Jack McCallum was in the office last week, which occasioned the retelling of my favorite McCallum story, immortalized by our mutual friend and colleague Alex Wolff in Big Game, Small World: A Basketball Adventure. It was 1999, and Alex was in Bhutan reporting for the book. He was greeted by Karma Lam Dorji of the country’s basketball federation in a state of near rapture: “Sports Illustrated! Do you know this Jack McCallum? His stories about the playoffs are so good, I think it is almost better to read his descriptions than to be there oneself.”
Two years ago, when the idea of a basketball-only website was first floated here, I suggested that it be called McCallum, a riff off the late, great site Grantland. I was only half-joking; Jack is a Hall of Fame storyteller (literally so), whose ability to bring this most beautiful of games to life on the page is surpassed only by his less-fit-to-print outtakes, shared over multiple pints. (Jack’s on Twitter. If you ask real nice, perhaps someday he’ll give up the Darren Daye foot massage story from the late 1980s).
It is in that tradition that we are launching The Crossover, sponsored by the good folks at State Farm (also a sponsor of the site’s spiritual brother, Peter King’s NFL-focused Monday Morning Quarterback). Starting with the legendary Frank Deford in the 1960s, when pro hoops took a distant backseat to baseball, pro football, golf and, it would appear, car safety (a three-part series in ’61!), and carried on by McCallum, Phil Taylor, Chris Ballard and Lee Jenkins, NBA storytelling in these pages and across all of SI’s platforms has been the industry standard.
The Crossover, too, is intended to, as its name suggests, strike a balance with other, complementary storytelling, shorter in form and more lifestyle-based. The anchor of the site’s launch is this week’s cover story on Russell Westbrook, who along with his old running mate, Kevin Durant, will be the league’s most scrutinized players this season. Westbrook embodies the ultimate crossover personality, a fascinating on-court performer, who through his fashion initiatives has carved out a space in the broader cultural conversation. Both angles are covered, exhaustively and entertainingly.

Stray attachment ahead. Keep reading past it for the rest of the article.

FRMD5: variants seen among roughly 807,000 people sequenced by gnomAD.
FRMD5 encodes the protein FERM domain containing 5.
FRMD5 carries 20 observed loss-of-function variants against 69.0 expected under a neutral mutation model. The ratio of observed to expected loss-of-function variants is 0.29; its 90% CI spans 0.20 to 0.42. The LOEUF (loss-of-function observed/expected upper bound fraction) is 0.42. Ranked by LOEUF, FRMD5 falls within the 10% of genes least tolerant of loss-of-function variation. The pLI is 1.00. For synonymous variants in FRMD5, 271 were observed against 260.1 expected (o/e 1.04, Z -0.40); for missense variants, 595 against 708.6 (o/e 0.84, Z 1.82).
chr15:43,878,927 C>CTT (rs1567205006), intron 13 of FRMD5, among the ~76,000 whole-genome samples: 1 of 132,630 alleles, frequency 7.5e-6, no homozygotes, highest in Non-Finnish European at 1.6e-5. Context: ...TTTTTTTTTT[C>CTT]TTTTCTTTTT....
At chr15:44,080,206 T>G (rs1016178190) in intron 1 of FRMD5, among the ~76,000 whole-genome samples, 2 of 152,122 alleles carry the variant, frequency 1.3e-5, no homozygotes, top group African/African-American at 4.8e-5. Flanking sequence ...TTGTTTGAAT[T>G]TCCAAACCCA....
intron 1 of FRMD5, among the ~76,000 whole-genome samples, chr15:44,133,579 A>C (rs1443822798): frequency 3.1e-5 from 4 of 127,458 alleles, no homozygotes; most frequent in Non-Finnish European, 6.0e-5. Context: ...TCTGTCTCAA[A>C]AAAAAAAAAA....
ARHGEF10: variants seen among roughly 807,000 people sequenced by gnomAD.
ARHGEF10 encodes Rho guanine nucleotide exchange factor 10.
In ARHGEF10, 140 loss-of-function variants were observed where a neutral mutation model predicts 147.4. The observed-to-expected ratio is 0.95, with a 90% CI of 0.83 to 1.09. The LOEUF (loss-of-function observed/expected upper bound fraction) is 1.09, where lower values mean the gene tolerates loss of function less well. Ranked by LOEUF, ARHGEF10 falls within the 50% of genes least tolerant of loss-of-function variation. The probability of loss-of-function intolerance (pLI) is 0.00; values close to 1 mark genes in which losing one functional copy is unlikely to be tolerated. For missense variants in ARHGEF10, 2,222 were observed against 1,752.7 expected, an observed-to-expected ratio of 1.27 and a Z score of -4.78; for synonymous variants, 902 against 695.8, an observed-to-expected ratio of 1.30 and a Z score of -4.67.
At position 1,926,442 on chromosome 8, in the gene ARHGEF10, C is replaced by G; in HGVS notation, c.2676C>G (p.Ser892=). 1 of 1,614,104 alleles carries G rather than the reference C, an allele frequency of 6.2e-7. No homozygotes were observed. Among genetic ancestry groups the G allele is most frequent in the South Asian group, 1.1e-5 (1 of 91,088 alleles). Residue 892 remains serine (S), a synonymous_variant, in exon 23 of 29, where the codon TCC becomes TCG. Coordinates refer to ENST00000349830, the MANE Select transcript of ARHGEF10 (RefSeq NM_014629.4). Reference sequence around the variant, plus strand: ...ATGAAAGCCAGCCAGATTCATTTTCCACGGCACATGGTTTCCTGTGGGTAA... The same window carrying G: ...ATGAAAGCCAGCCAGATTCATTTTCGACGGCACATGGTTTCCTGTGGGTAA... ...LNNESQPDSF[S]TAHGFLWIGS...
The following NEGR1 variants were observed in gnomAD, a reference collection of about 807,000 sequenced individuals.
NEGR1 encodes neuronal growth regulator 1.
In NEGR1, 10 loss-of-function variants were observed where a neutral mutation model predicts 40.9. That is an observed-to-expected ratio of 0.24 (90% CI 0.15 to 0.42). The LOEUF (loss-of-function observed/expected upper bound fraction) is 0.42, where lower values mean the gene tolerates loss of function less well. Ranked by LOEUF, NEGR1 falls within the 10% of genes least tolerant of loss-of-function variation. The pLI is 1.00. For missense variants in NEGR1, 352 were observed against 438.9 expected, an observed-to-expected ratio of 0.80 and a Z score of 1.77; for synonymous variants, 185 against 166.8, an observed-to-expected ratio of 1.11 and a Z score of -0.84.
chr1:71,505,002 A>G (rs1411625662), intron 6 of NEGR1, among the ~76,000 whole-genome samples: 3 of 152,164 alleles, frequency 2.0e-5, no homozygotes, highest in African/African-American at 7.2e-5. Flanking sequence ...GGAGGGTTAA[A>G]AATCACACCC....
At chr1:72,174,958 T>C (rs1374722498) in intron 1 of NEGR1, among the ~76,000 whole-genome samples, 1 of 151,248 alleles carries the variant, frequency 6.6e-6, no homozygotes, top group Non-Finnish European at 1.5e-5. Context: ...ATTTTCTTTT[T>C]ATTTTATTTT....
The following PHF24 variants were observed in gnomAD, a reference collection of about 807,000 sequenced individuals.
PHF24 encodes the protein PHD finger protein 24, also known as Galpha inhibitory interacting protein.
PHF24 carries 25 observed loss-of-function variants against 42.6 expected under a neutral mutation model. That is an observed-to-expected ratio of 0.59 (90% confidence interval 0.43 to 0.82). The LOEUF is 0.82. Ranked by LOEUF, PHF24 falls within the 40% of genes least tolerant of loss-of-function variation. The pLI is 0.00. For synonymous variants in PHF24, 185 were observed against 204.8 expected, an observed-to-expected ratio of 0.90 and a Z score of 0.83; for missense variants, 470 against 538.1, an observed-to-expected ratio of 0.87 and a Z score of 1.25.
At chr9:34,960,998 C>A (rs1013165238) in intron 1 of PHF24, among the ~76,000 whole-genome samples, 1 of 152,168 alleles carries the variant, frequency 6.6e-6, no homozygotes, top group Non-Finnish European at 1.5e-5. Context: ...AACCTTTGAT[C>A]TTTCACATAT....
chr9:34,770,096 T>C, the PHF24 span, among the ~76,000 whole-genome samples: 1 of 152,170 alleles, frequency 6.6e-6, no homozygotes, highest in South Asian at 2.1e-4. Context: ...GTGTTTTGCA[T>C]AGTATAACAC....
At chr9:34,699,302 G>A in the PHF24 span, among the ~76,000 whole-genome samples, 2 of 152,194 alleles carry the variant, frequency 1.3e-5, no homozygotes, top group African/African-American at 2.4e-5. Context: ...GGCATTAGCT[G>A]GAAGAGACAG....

One of the great successes of TheMMQB.com will also be true of The Crossover: the ability of featured athletes to present themselves as something more than sports figures. Hoop for Thought is an internal motto of the site. Dwyane Wade opens a window into his decision to leave behind 13 years in Miami to play in his hometown of Chicago. There are basketball reasons for the move, but there is a more personal explanation too. Celtics center Kelly Olynyk was in the building last week; he’s an aspiring sushi chef and, under the expert eyes of two itamaes from New York’s popular Blue Ribbon Sushi Bar, offered a glimpse of what his post-playing career might look like.
There will be a rich range of voices: smart, funny, analytic, social, literary. “Lee [Jenkins] and Chris [Ballard] are two of the best feature writers in all of journalism,” says Matt Dollinger, who will be the lead editor on the site. “Ben Golliver and Rob Mahoney provide unparalleled in-depth analysis. Andrew Sharp and Rohan Nadkarni are as adept with analytics as they are with GIFs. And we have a deep trove of contributors—Michael McCann, Richard Deitsch, Jon Wertheim, Jeremy Woo and Jarrel Harris.”
There is no sport—and this point is inarguable to me—that generates a more spirited (and rational) Internet conversation than basketball. It has the best longform storytelling, the most organic connection to pop culture and the most relatable, progressive discussions around analytics. Similarly, the NBA itself has the best, most open-minded leadership (and it’s really not even close), with a curiously rare understanding of the marketability and value of its players. It is again, as it was in the 1980s and for much of the ’90s, on the leading edge.